It’s a chocolate mochi cake, a chocolate Japanese rice cake, a local Hawaii favourite, a Luau dessert.
Just how many names can this cake carry. I can’t stop eating it hence I wanted to share this up with you as soon as I can.
So, I first came to know about this chocolate mochi cake from Food 52. It was intriguing as it says that it’s squishy, not moist or dense or spongy, but bouncy (QQ), like mochi but not sticky. It is quite similar to rice cakes or Kuih Bakar but it is somewhat lighter despite it being chocolate. The subtle chocolate flavour doesn’t need you to glug down a glass of water, unlike some rich and dark brownies. It also has a very distinguished top layer in a completely different texture. It felt like traditionally baked mooncake skin, and maybe abit of regular loaf bread crust. I’m not trying to confuse you but you need to try this cake at least once. The ingredients may seem a little off but just give it a go; glutinous rice flour, evaporated milk and chocolate.
I can see why this cake is somewhat Japanese inspired since Hawaii is not that far from Japan. (just about 6000+ km apart). < yup, I just googled that. I can’t tell you for sure if it is a Polynesian recipe or a Japanese recipe because you just don’t see glutinous rice flour AND chocolate together in a recipe that often. In this recipe, from the lady who owns a shop called Nori’s Saimin & Snacks in Hawaii uses coconut milk as well and it is apparently very well received during funerals (huh, ok) and as omiyage (souvenirs).
But regardless it being Japanese or Hawaiian, please do try and make this cake (and be mindboggled by it). You’re welcome
Chocolate Mochi Cake
- 140g glutinous rice flour
- 200g white sugar
- ½ tablespoon baking soda
- 60g salted butter
- 100g dark chocolate. chopped
- 1 can (390g) evaporated milk
- 1 teaspoon vanilla extract
- 1 eggs, beaten
- Preheat the oven to 175 C and grease a 8-inch square baking pan.
- Whisk together the flour, sugar, and baking soda in a large bowl. Set aside.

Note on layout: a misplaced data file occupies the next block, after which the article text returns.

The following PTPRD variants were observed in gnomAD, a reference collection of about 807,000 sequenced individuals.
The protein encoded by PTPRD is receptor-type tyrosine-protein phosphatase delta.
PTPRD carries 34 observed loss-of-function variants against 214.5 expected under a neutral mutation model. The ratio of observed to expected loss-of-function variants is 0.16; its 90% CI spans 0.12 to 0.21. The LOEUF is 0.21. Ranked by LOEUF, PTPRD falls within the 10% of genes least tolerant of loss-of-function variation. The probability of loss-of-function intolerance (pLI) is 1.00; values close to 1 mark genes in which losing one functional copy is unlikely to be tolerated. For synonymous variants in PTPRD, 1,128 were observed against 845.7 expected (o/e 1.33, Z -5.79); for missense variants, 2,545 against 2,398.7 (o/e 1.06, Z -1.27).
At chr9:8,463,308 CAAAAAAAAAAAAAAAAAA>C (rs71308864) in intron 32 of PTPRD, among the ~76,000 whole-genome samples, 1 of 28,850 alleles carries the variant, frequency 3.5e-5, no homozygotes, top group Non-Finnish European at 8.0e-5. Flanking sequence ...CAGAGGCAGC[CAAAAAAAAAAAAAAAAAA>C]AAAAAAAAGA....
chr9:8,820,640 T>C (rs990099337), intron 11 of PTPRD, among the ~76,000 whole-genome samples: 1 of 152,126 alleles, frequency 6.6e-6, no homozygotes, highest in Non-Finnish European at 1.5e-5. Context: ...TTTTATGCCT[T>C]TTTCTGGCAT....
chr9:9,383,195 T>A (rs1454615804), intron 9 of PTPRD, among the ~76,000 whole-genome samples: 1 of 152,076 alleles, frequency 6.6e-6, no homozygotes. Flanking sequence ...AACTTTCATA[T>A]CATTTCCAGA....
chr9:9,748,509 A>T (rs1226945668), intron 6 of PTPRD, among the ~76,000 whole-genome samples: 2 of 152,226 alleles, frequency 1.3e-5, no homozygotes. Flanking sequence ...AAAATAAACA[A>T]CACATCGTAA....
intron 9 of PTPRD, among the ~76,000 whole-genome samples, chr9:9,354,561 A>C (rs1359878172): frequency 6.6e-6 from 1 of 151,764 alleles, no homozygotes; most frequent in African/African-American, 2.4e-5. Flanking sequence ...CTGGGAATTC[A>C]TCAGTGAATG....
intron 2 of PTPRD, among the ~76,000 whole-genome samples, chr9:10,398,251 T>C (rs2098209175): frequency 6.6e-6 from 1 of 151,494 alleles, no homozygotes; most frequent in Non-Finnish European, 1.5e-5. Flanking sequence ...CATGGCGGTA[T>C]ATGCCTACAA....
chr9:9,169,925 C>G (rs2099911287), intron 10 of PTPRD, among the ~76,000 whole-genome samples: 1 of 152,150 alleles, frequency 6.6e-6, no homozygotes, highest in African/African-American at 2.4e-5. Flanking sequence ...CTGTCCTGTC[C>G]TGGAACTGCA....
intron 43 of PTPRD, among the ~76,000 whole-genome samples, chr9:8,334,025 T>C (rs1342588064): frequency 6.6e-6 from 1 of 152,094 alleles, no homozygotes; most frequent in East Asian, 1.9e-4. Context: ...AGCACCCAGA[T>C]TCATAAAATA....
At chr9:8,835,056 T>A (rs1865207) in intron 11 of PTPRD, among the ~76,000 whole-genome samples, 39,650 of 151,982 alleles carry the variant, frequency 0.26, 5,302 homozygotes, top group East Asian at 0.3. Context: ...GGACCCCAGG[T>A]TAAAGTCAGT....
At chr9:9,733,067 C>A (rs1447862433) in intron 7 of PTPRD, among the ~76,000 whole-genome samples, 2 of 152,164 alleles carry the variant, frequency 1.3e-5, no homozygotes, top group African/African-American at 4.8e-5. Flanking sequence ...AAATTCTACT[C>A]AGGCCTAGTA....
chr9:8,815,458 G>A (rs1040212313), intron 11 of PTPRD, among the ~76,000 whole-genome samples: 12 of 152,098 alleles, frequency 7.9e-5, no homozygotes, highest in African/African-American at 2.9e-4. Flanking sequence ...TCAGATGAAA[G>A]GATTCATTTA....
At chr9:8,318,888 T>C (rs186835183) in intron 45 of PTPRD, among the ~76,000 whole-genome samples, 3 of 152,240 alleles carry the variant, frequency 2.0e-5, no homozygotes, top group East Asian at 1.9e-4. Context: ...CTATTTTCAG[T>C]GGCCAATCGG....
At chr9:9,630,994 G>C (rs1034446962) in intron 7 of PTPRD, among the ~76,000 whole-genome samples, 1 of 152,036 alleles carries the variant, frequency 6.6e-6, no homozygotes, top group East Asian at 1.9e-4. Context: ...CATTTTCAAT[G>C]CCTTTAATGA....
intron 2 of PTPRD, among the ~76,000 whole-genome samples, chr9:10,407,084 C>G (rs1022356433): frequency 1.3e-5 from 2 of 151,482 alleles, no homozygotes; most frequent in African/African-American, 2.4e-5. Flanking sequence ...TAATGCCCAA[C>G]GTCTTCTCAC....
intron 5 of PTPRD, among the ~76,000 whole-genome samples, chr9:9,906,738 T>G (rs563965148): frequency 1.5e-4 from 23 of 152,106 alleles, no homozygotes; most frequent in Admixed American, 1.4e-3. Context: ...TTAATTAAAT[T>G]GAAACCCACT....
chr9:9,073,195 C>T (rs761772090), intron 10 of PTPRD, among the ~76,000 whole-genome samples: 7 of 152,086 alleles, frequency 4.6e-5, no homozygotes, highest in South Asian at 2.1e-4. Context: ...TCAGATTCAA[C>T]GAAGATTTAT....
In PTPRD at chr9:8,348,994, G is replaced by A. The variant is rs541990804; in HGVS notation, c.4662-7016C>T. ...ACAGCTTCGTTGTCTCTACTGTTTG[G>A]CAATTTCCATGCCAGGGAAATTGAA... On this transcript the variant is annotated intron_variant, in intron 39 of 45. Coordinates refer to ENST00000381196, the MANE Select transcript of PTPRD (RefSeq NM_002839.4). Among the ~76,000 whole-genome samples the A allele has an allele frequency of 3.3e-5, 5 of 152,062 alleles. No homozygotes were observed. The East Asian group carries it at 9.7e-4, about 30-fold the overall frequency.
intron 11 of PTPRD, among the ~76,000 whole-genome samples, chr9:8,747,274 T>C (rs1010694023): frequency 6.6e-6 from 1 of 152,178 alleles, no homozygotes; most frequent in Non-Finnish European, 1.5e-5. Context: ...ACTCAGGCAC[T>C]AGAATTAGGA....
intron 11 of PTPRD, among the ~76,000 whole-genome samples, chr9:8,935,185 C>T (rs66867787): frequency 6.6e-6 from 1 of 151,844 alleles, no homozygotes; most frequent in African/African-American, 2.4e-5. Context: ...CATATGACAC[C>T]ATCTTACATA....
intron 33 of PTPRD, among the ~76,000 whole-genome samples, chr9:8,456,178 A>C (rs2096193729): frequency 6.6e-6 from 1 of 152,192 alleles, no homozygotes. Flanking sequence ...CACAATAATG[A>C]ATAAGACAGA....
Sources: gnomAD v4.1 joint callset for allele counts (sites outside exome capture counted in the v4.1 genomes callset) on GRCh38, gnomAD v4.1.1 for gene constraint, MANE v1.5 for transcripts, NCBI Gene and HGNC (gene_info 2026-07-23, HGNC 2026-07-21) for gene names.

- Heat the butter and the chocolate together in a small saucepan over low heat, stirring frequently until you have a smooth mixture.
- Pour the melted chocolate and butter into the bowl of a stand mixer fitted with a paddle attachment. With the mixer running on low, add the evaporated milk, vanilla, and eggs and mix until incorporated. You can also just use a whisk to mix everything.
- Add the dry ingredients and mix on low until the batter is smooth and lump-less. Pour into the prepared pan and bake for 45 minutes, until the cake no longer jiggles.
- Remove from oven and let cool before serving. This cake should be stored at room temperature rather than refrigerated
Do you like chocolate chip cookies and brownie ? Well, if you do, then you will like Congo Bars. It is similar to a Blondie. It’s made the similar way with regular brownies but instead of it being chocolate, vanilla is used, hence the name. Some make blondie with white chocolate in replacement of dark chocolate from a brownie, but I think that’s too sweet even for me. But Congo Bars don’t, it has brown sugar instead hence the chewy, moist texture (but sweet as well) I’m not really sure where Congo Bar originates from but definitely not from African counterparts. Apparently, it is a classic southeastern US treat. And it’s so old that there’s a 100 year old recipe cut out!
Having said that, I actually haven’t found out until about 2 months ago where I attended a buttercream flower class and the teacher made it for us. I’m like “wha? what bars ?” So, if you wanna know, it is quite popular amongst the Malay communities here in Malaysia as I’ve never met someone else who knows what is Congo Bar apart from them. So hey, if you have some chocolate chip handy, hurry and make them!
In this recipe, I use 2 types of chocolate chips; Ghirardelli and Hershey’s. One of the chip size is smaller and one is bigger. The bigger ones goes into the cake and part of the smaller ones goes on top of the cake. So you get some ooey gooey chocolate inside the cake when you bite, while keeping it visually abundance with chocolate chips. See, win win ;). But fret not if you don’t have different types of chocolate chip. You can use dark couverture chocolate buttons and it works well too! Callebaut has some really awesome chocolate if you are looking for some.
The recipe is very straight forward using creaming method but with melted butter instead of room temperature butter. Do not reduce too much of the sugar (as I’ve already reduced from the original). The sugar is important in keeping the bar chewy and moist and not cakey and dry. It is a little tricky of the baking time. If you want a chewy bar, then bake only at 25. If you want a more cakey texture, do 30 mins. Oh yummy I think I may need to go bake a batch